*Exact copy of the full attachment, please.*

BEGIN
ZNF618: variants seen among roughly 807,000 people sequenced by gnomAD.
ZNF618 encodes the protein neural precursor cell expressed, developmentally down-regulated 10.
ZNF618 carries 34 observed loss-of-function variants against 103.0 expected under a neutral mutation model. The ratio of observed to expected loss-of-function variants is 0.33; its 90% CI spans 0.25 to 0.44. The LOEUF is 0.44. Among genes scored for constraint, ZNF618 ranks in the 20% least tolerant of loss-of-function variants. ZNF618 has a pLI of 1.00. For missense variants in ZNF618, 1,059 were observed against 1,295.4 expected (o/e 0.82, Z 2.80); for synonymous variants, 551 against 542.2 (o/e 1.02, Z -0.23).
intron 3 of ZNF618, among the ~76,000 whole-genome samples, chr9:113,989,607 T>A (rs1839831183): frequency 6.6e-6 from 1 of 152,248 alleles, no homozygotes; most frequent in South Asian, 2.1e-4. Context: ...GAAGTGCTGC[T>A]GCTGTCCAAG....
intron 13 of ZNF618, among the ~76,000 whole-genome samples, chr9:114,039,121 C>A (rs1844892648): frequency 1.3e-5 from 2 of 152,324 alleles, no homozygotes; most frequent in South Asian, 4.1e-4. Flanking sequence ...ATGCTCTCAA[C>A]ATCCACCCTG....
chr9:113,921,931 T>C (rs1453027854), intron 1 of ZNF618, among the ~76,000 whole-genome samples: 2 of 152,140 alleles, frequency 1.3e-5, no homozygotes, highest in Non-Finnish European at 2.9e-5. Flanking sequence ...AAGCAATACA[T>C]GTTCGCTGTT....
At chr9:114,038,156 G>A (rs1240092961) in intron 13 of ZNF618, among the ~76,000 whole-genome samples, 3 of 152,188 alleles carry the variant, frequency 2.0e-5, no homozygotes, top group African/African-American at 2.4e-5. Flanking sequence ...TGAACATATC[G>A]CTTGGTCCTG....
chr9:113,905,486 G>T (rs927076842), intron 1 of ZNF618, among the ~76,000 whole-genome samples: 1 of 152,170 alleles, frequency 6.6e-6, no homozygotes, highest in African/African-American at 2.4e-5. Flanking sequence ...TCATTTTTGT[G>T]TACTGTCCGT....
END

ZNF618: variants seen among roughly 807,000 people sequenced by gnomAD.
ZNF618 encodes the protein neural precursor cell expressed, developmentally down-regulated 10.
ZNF618 carries 34 observed loss-of-function variants against 103.0 expected under a neutral mutation model. The ratio of observed to expected loss-of-function variants is 0.33; its 90% CI spans 0.25 to 0.44. The LOEUF is 0.44. Among genes scored for constraint, ZNF618 ranks in the 20% least tolerant of loss-of-function variants. ZNF618 has a pLI of 1.00. For missense variants in ZNF618, 1,059 were observed against 1,295.4 expected (o/e 0.82, Z 2.80); for synonymous variants, 551 against 542.2 (o/e 1.02, Z -0.23).
intron 3 of ZNF618, among the ~76,000 whole-genome samples, chr9:113,989,607 T>A (rs1839831183): frequency 6.6e-6 from 1 of 152,248 alleles, no homozygotes; most frequent in South Asian, 2.1e-4. Context: ...GAAGTGCTGC[T>A]GCTGTCCAAG....
intron 13 of ZNF618, among the ~76,000 whole-genome samples, chr9:114,039,121 C>A (rs1844892648): frequency 1.3e-5 from 2 of 152,324 alleles, no homozygotes; most frequent in South Asian, 4.1e-4. Flanking sequence ...ATGCTCTCAA[C>A]ATCCACCCTG....
chr9:113,921,931 T>C (rs1453027854), intron 1 of ZNF618, among the ~76,000 whole-genome samples: 2 of 152,140 alleles, frequency 1.3e-5, no homozygotes, highest in Non-Finnish European at 2.9e-5. Flanking sequence ...AAGCAATACA[T>C]GTTCGCTGTT....
At chr9:114,038,156 G>A (rs1240092961) in intron 13 of ZNF618, among the ~76,000 whole-genome samples, 3 of 152,188 alleles carry the variant, frequency 2.0e-5, no homozygotes, top group African/African-American at 2.4e-5. Flanking sequence ...TGAACATATC[G>A]CTTGGTCCTG....
chr9:113,905,486 G>T (rs927076842), intron 1 of ZNF618, among the ~76,000 whole-genome samples: 1 of 152,170 alleles, frequency 6.6e-6, no homozygotes, highest in African/African-American at 2.4e-5. Flanking sequence ...TCATTTTTGT[G>T]TACTGTCCGT....